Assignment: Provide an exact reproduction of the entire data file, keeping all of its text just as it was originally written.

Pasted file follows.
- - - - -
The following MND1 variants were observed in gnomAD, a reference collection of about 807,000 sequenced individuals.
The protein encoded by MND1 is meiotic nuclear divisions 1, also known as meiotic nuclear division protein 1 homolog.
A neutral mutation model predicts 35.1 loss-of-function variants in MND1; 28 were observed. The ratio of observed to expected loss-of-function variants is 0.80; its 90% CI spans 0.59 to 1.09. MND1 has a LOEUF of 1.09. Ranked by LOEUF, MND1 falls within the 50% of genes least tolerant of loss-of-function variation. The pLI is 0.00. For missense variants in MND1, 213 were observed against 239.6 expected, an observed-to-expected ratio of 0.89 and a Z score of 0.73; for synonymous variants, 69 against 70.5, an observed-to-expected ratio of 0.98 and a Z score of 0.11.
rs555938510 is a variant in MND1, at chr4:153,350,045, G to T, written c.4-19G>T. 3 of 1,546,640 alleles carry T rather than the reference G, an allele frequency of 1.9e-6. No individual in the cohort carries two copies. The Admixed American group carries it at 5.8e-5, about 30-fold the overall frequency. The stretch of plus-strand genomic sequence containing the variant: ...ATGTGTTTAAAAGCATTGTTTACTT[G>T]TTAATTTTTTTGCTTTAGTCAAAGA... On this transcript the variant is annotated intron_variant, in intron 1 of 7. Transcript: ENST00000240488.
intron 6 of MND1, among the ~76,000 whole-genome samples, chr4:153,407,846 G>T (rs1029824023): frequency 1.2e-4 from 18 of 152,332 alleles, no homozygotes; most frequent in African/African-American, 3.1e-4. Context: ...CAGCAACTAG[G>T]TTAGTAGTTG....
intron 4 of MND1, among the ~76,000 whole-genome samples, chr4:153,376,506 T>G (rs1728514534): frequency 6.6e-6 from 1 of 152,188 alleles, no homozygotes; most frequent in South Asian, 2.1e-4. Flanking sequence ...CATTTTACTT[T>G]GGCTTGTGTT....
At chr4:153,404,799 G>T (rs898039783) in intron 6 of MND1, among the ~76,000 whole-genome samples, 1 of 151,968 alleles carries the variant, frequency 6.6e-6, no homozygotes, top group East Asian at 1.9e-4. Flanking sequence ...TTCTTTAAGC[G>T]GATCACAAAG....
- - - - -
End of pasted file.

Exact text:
The following MND1 variants were observed in gnomAD, a reference collection of about 807,000 sequenced individuals.
The protein encoded by MND1 is meiotic nuclear divisions 1, also known as meiotic nuclear division protein 1 homolog.
A neutral mutation model predicts 35.1 loss-of-function variants in MND1; 28 were observed. The ratio of observed to expected loss-of-function variants is 0.80; its 90% CI spans 0.59 to 1.09. MND1 has a LOEUF of 1.09. Ranked by LOEUF, MND1 falls within the 50% of genes least tolerant of loss-of-function variation. The pLI is 0.00. For missense variants in MND1, 213 were observed against 239.6 expected, an observed-to-expected ratio of 0.89 and a Z score of 0.73; for synonymous variants, 69 against 70.5, an observed-to-expected ratio of 0.98 and a Z score of 0.11.
rs555938510 is a variant in MND1, at chr4:153,350,045, G to T, written c.4-19G>T. 3 of 1,546,640 alleles carry T rather than the reference G, an allele frequency of 1.9e-6. No individual in the cohort carries two copies. The Admixed American group carries it at 5.8e-5, about 30-fold the overall frequency. The stretch of plus-strand genomic sequence containing the variant: ...ATGTGTTTAAAAGCATTGTTTACTT[G>T]TTAATTTTTTTGCTTTAGTCAAAGA... On this transcript the variant is annotated intron_variant, in intron 1 of 7. Transcript: ENST00000240488.
intron 6 of MND1, among the ~76,000 whole-genome samples, chr4:153,407,846 G>T (rs1029824023): frequency 1.2e-4 from 18 of 152,332 alleles, no homozygotes; most frequent in African/African-American, 3.1e-4. Context: ...CAGCAACTAG[G>T]TTAGTAGTTG....
intron 4 of MND1, among the ~76,000 whole-genome samples, chr4:153,376,506 T>G (rs1728514534): frequency 6.6e-6 from 1 of 152,188 alleles, no homozygotes; most frequent in South Asian, 2.1e-4. Flanking sequence ...CATTTTACTT[T>G]GGCTTGTGTT....
At chr4:153,404,799 G>T (rs898039783) in intron 6 of MND1, among the ~76,000 whole-genome samples, 1 of 151,968 alleles carries the variant, frequency 6.6e-6, no homozygotes, top group East Asian at 1.9e-4. Flanking sequence ...TTCTTTAAGC[G>T]GATCACAAAG....